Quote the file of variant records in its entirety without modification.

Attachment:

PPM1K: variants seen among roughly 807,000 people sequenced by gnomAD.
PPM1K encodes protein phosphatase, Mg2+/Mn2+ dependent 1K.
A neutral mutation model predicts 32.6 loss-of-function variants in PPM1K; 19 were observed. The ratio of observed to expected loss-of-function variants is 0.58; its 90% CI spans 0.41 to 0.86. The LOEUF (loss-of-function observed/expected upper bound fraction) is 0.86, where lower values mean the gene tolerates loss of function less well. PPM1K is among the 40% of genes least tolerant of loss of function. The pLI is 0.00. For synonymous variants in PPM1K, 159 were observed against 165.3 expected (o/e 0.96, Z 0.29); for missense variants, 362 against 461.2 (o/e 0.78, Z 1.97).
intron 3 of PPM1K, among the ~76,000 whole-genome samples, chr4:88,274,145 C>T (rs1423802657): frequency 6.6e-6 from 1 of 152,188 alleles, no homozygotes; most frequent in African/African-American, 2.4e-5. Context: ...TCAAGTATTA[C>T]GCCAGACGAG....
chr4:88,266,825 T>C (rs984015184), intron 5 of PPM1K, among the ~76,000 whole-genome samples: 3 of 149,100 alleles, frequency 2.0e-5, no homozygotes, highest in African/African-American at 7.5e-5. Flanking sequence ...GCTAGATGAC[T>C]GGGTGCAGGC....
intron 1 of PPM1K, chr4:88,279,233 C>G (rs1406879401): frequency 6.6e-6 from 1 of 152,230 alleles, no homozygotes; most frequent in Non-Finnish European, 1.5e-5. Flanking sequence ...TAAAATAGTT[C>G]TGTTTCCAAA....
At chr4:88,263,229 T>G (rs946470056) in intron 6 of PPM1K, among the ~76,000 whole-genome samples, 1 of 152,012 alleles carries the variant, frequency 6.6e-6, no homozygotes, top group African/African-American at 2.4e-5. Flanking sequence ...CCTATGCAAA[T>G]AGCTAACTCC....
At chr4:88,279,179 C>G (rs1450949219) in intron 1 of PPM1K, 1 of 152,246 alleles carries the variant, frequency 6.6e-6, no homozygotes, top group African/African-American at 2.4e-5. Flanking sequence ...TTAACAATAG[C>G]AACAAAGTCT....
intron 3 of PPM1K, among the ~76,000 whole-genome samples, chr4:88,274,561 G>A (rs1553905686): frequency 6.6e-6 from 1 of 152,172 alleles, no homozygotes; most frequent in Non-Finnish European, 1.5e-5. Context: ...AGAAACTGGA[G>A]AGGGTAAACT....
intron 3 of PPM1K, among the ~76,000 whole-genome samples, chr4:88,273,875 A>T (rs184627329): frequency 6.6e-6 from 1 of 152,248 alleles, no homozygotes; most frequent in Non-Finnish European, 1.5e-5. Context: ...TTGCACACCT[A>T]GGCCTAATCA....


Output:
PPM1K: variants seen among roughly 807,000 people sequenced by gnomAD.
PPM1K encodes protein phosphatase, Mg2+/Mn2+ dependent 1K.
A neutral mutation model predicts 32.6 loss-of-function variants in PPM1K; 19 were observed. The ratio of observed to expected loss-of-function variants is 0.58; its 90% CI spans 0.41 to 0.86. The LOEUF (loss-of-function observed/expected upper bound fraction) is 0.86, where lower values mean the gene tolerates loss of function less well. PPM1K is among the 40% of genes least tolerant of loss of function. The pLI is 0.00. For synonymous variants in PPM1K, 159 were observed against 165.3 expected (o/e 0.96, Z 0.29); for missense variants, 362 against 461.2 (o/e 0.78, Z 1.97).
intron 3 of PPM1K, among the ~76,000 whole-genome samples, chr4:88,274,145 C>T (rs1423802657): frequency 6.6e-6 from 1 of 152,188 alleles, no homozygotes; most frequent in African/African-American, 2.4e-5. Context: ...TCAAGTATTA[C>T]GCCAGACGAG....
chr4:88,266,825 T>C (rs984015184), intron 5 of PPM1K, among the ~76,000 whole-genome samples: 3 of 149,100 alleles, frequency 2.0e-5, no homozygotes, highest in African/African-American at 7.5e-5. Flanking sequence ...GCTAGATGAC[T>C]GGGTGCAGGC....
intron 1 of PPM1K, chr4:88,279,233 C>G (rs1406879401): frequency 6.6e-6 from 1 of 152,230 alleles, no homozygotes; most frequent in Non-Finnish European, 1.5e-5. Flanking sequence ...TAAAATAGTT[C>G]TGTTTCCAAA....
At chr4:88,263,229 T>G (rs946470056) in intron 6 of PPM1K, among the ~76,000 whole-genome samples, 1 of 152,012 alleles carries the variant, frequency 6.6e-6, no homozygotes, top group African/African-American at 2.4e-5. Flanking sequence ...CCTATGCAAA[T>G]AGCTAACTCC....
At chr4:88,279,179 C>G (rs1450949219) in intron 1 of PPM1K, 1 of 152,246 alleles carries the variant, frequency 6.6e-6, no homozygotes, top group African/African-American at 2.4e-5. Flanking sequence ...TTAACAATAG[C>G]AACAAAGTCT....
intron 3 of PPM1K, among the ~76,000 whole-genome samples, chr4:88,274,561 G>A (rs1553905686): frequency 6.6e-6 from 1 of 152,172 alleles, no homozygotes; most frequent in Non-Finnish European, 1.5e-5. Context: ...AGAAACTGGA[G>A]AGGGTAAACT....
intron 3 of PPM1K, among the ~76,000 whole-genome samples, chr4:88,273,875 A>T (rs184627329): frequency 6.6e-6 from 1 of 152,248 alleles, no homozygotes; most frequent in Non-Finnish European, 1.5e-5. Context: ...TTGCACACCT[A>T]GGCCTAATCA....